For his inaugural exhibition with Blain|Southern
, Exit from the House of Being, Michael Joo has created a series of new sculptural works which aim to challenge and reformulate our understanding of space. Bringing together three groups of works so that they exist in dialogue, each engages the viewer in an assessment of spatial territory, referring to social, natural and personal boundaries. The ways in which we might conventionally quantify, physically experience or theoretically categorise our surrounding environment are subverted, as the materiality of each object and the syntax of the gallery space itself become fluid and unfixed.
The artists practice endeavours to combine and foster links between seemingly contradictory states. Binary oppositions are dissolved as he brings them into balance; the physical and metaphysical, the organic and industrial, inclusion and exclusion, and movement and stasis are all explored as being intrinsically linked, one and part of the same thing. With this exhibition, Joo encourages us to consider the inherently unstable nature of space and identity.
His interest in the process of material metamorphosis informs his use of unorthodox materials and techniques. Constructed from mirrored borosilicate glass, the Expanded Access works are composed of groups of delicate rope and stanchion forms which seem to simultaneously emerge from and melt into the structure of the gallery. Joo plays with the idea of malleable architectural space; the stanchions, which would traditionally dictate the rules of entry to a particular place, appear on the floor, walls and ceiling of the gallery. Thus, the artist suggests a new spatial arrangement, which does away with accepted social constructs.
We and Us connotes an apparatus of socio-political unrest. Constructed using technology which is utilised to create optical telescopes, the aluminised glass produces a form reminiscent of police riot shields; the brightly mirrored surfaces both absorb and reflect their own surroundings, creating an aggressive camouflage. As with the Expanded Access series, the work embraces points of opposition: behind the concave surface of the riot shields lies a sheltered and protective space, which exists in opposition to the impenetrable and offensive convex exterior. The physical presence of the viewer is crucial for both works, as we are drawn into their reflective surfaces and are at once implicated, distorted and hybridized with the work and our surroundings.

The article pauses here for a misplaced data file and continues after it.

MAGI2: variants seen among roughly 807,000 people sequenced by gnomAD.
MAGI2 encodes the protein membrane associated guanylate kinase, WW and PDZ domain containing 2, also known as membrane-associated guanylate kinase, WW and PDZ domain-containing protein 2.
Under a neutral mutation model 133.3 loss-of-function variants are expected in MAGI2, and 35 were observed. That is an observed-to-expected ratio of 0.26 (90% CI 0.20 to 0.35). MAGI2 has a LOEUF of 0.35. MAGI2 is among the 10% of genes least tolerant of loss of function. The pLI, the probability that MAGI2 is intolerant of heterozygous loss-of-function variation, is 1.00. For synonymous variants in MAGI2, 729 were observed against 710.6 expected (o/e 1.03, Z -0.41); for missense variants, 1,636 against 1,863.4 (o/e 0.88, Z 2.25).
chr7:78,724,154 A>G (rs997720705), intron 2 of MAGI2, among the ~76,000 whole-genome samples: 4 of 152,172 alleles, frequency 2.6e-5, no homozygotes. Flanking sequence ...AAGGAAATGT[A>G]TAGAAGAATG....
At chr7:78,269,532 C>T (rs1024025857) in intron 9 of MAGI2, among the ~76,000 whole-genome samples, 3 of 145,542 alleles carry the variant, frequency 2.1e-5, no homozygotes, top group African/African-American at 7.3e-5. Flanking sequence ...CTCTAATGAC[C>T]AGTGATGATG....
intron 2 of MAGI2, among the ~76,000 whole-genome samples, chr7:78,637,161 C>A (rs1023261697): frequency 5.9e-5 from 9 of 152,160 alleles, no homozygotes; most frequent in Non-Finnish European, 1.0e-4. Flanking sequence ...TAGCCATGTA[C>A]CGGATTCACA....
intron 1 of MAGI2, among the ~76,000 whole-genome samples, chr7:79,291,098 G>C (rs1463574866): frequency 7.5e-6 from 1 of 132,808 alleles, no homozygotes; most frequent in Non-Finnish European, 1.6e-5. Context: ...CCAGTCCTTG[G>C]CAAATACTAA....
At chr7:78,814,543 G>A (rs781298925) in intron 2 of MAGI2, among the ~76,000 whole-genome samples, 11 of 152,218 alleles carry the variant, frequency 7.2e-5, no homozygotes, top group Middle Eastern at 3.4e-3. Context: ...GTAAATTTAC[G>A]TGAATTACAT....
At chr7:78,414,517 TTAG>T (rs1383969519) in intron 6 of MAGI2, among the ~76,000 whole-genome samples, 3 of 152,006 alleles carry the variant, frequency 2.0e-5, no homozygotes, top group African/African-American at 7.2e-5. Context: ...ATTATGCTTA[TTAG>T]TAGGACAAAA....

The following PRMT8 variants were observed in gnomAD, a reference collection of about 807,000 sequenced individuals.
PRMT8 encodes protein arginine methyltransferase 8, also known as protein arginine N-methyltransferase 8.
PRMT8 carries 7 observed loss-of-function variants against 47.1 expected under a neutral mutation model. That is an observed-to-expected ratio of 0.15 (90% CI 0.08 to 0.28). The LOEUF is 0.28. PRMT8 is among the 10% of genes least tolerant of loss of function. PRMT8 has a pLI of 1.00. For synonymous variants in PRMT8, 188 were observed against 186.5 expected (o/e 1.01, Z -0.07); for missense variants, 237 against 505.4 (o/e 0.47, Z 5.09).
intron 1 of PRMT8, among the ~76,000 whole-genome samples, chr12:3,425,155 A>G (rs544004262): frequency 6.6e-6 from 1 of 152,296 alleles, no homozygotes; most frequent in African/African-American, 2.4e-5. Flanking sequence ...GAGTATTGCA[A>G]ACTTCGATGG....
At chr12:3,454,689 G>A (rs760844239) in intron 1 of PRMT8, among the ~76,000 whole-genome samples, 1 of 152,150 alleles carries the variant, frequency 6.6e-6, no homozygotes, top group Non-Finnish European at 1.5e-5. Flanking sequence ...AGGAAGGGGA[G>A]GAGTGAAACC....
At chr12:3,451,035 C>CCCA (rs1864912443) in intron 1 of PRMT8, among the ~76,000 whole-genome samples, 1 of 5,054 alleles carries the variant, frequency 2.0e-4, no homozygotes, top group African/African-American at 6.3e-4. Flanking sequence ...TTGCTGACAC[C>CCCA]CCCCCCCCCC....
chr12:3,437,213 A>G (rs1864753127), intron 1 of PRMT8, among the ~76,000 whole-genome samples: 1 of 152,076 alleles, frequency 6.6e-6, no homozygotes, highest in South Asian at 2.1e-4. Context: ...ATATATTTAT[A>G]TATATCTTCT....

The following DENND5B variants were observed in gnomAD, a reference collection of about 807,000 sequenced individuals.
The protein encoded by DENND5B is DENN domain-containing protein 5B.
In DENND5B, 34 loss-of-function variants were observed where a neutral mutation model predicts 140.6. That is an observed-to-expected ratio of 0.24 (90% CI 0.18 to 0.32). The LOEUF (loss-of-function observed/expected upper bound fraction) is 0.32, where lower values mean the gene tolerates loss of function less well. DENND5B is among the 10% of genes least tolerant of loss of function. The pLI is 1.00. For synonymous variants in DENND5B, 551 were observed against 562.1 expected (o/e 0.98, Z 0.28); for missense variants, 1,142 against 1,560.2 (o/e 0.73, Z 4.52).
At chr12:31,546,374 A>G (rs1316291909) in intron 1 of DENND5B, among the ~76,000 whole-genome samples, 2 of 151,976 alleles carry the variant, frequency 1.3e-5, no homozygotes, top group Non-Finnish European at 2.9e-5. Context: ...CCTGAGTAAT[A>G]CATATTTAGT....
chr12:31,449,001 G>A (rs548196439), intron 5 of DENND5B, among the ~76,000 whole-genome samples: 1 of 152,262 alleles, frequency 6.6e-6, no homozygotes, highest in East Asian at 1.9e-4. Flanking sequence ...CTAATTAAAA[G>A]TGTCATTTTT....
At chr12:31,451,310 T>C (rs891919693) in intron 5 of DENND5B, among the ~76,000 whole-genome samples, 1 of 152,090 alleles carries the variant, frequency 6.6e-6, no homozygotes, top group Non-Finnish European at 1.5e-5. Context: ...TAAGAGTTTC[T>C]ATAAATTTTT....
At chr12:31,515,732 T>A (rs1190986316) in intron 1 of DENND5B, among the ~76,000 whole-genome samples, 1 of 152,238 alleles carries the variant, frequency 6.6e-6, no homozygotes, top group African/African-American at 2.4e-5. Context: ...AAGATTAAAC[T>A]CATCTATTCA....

The final element of the exhibition, Man-made Monstrous, comprises intricately detailed polyurethane resin castings of moulds of actual antlers, extending Joos long-lasting engagement with this form. For him, the antlers signify both an indoor and outdoor space; both display device and organic weapon. Much like the fluidity of the glass in the Expanded Access works and We and Us, the antlers appear frozen yet visceral, as their molten forms threaten to slip down the gallery walls, while hanging motionless.
The artist ultimately offers a phenomenological reading of the world, as we are encouraged to consider the space of the object in relation to the space of the self.
Michael Joo received his MFA from the Yale School of Art, Yale University, New Haven, in 1991, after graduating with a BFA from Washington University, St Louis, 1989. Selected solo exhibitions include: Galerie Marabini, Bologna, IT (2010); Anton Kern Gallery, New York, US (2009); Michael Joo, Rodin Gallery (Leeum, Samsung Museum of Art), Seoul, KR (2006); Michael Joo, Palm Beach Institute for Contemporary Art, Florida, US (2004); the South Korean Pavilion at the 49th Venice Biennale together with Do-Ho-Suh (2001). Recent group exhibitions include: Transforming Minds: Buddhism in Art, works from the Rockefeller Collection of Asian Art, Asia Society Gallery, HK (2012); Glasstress 2011, Palazzo Cavalli Franchetti, Venice, IT (2011); Have You Ever Really Looked at the Sun?, Haunch of Venison, Berlin (2010); and NeoHoodoo: Art of a Forgotten Faith, The Menil Collection, Houston, US (2009). In 2006, Joo was awarded both the grand prize of the 6th Gwangju Biennale, Seoul, for Bodhi Obfuscatus (Space Baby) and also a United States Artists Fellowship. Joos work is in numerous public and private collections, including the Guggenheim Museum, New York, the Museum of Modern Art, New York, and the Samsung Foundation for Art and Culture, Seoul.